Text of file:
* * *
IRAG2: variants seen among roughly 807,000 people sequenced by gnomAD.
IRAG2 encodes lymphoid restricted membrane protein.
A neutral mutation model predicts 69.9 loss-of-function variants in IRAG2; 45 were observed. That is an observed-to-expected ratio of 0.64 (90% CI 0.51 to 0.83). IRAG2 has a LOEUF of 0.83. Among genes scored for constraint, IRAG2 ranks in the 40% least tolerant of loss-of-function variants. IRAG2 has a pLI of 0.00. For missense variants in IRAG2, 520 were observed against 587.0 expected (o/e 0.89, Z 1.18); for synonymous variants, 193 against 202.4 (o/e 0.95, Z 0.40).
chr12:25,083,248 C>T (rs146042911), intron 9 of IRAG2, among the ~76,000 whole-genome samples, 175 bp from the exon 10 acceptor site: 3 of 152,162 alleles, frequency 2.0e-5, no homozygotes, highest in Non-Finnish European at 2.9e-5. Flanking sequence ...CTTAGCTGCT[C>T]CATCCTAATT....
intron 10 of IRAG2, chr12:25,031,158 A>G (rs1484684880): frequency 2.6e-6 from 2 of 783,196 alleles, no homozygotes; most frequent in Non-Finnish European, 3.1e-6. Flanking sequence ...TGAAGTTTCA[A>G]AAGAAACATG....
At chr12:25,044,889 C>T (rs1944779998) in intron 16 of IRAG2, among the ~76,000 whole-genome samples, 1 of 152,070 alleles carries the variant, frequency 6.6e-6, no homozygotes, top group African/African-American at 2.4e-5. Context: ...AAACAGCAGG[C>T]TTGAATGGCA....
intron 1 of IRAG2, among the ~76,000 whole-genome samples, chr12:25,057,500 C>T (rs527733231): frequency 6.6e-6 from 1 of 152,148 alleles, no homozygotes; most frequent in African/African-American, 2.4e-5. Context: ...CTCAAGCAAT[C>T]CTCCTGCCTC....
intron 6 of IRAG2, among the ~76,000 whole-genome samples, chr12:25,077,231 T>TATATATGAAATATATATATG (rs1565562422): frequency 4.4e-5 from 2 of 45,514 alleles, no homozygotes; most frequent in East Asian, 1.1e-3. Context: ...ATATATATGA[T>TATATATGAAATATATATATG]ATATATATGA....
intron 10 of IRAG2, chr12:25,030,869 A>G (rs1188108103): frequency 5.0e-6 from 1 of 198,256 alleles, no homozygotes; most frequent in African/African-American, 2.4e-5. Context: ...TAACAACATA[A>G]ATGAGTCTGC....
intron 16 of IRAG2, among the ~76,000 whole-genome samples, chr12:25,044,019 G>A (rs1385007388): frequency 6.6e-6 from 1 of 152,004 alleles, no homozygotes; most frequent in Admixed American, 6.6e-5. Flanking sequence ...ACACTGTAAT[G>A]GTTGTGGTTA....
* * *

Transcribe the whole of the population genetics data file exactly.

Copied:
IRAG2: variants seen among roughly 807,000 people sequenced by gnomAD.
IRAG2 encodes lymphoid restricted membrane protein.
A neutral mutation model predicts 69.9 loss-of-function variants in IRAG2; 45 were observed. That is an observed-to-expected ratio of 0.64 (90% CI 0.51 to 0.83). IRAG2 has a LOEUF of 0.83. Among genes scored for constraint, IRAG2 ranks in the 40% least tolerant of loss-of-function variants. IRAG2 has a pLI of 0.00. For missense variants in IRAG2, 520 were observed against 587.0 expected (o/e 0.89, Z 1.18); for synonymous variants, 193 against 202.4 (o/e 0.95, Z 0.40).
chr12:25,083,248 C>T (rs146042911), intron 9 of IRAG2, among the ~76,000 whole-genome samples, 175 bp from the exon 10 acceptor site: 3 of 152,162 alleles, frequency 2.0e-5, no homozygotes, highest in Non-Finnish European at 2.9e-5. Flanking sequence ...CTTAGCTGCT[C>T]CATCCTAATT....
intron 10 of IRAG2, chr12:25,031,158 A>G (rs1484684880): frequency 2.6e-6 from 2 of 783,196 alleles, no homozygotes; most frequent in Non-Finnish European, 3.1e-6. Flanking sequence ...TGAAGTTTCA[A>G]AAGAAACATG....
At chr12:25,044,889 C>T (rs1944779998) in intron 16 of IRAG2, among the ~76,000 whole-genome samples, 1 of 152,070 alleles carries the variant, frequency 6.6e-6, no homozygotes, top group African/African-American at 2.4e-5. Context: ...AAACAGCAGG[C>T]TTGAATGGCA....
intron 1 of IRAG2, among the ~76,000 whole-genome samples, chr12:25,057,500 C>T (rs527733231): frequency 6.6e-6 from 1 of 152,148 alleles, no homozygotes; most frequent in African/African-American, 2.4e-5. Context: ...CTCAAGCAAT[C>T]CTCCTGCCTC....
intron 6 of IRAG2, among the ~76,000 whole-genome samples, chr12:25,077,231 T>TATATATGAAATATATATATG (rs1565562422): frequency 4.4e-5 from 2 of 45,514 alleles, no homozygotes; most frequent in East Asian, 1.1e-3. Context: ...ATATATATGA[T>TATATATGAAATATATATATG]ATATATATGA....
intron 10 of IRAG2, chr12:25,030,869 A>G (rs1188108103): frequency 5.0e-6 from 1 of 198,256 alleles, no homozygotes; most frequent in African/African-American, 2.4e-5. Context: ...TAACAACATA[A>G]ATGAGTCTGC....
intron 16 of IRAG2, among the ~76,000 whole-genome samples, chr12:25,044,019 G>A (rs1385007388): frequency 6.6e-6 from 1 of 152,004 alleles, no homozygotes; most frequent in Admixed American, 6.6e-5. Flanking sequence ...ACACTGTAAT[G>A]GTTGTGGTTA....